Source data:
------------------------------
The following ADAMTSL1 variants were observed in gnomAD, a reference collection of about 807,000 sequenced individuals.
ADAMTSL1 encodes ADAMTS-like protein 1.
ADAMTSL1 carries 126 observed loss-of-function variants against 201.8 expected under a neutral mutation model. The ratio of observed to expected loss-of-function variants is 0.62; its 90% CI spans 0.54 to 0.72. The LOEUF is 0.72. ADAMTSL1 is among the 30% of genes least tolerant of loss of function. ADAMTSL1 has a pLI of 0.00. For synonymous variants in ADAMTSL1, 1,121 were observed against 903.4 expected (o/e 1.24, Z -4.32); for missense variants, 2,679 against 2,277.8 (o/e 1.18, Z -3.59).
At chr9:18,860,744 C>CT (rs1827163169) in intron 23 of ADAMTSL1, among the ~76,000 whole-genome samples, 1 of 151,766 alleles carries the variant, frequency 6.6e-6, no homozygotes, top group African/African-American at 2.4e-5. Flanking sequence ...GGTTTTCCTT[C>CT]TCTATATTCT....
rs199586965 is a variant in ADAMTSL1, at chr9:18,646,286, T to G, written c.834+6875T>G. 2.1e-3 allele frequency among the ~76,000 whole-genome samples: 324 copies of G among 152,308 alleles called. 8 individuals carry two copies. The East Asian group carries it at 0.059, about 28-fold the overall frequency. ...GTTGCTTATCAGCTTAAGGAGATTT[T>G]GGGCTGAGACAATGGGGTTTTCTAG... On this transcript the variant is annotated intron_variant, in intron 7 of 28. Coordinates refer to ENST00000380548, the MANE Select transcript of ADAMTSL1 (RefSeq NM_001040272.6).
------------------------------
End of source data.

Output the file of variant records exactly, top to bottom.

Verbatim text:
The following ADAMTSL1 variants were observed in gnomAD, a reference collection of about 807,000 sequenced individuals.
ADAMTSL1 encodes ADAMTS-like protein 1.
ADAMTSL1 carries 126 observed loss-of-function variants against 201.8 expected under a neutral mutation model. The ratio of observed to expected loss-of-function variants is 0.62; its 90% CI spans 0.54 to 0.72. The LOEUF is 0.72. ADAMTSL1 is among the 30% of genes least tolerant of loss of function. ADAMTSL1 has a pLI of 0.00. For synonymous variants in ADAMTSL1, 1,121 were observed against 903.4 expected (o/e 1.24, Z -4.32); for missense variants, 2,679 against 2,277.8 (o/e 1.18, Z -3.59).
At chr9:18,860,744 C>CT (rs1827163169) in intron 23 of ADAMTSL1, among the ~76,000 whole-genome samples, 1 of 151,766 alleles carries the variant, frequency 6.6e-6, no homozygotes, top group African/African-American at 2.4e-5. Flanking sequence ...GGTTTTCCTT[C>CT]TCTATATTCT....
rs199586965 is a variant in ADAMTSL1, at chr9:18,646,286, T to G, written c.834+6875T>G. 2.1e-3 allele frequency among the ~76,000 whole-genome samples: 324 copies of G among 152,308 alleles called. 8 individuals carry two copies. The East Asian group carries it at 0.059, about 28-fold the overall frequency. ...GTTGCTTATCAGCTTAAGGAGATTT[T>G]GGGCTGAGACAATGGGGTTTTCTAG... On this transcript the variant is annotated intron_variant, in intron 7 of 28. Coordinates refer to ENST00000380548, the MANE Select transcript of ADAMTSL1 (RefSeq NM_001040272.6).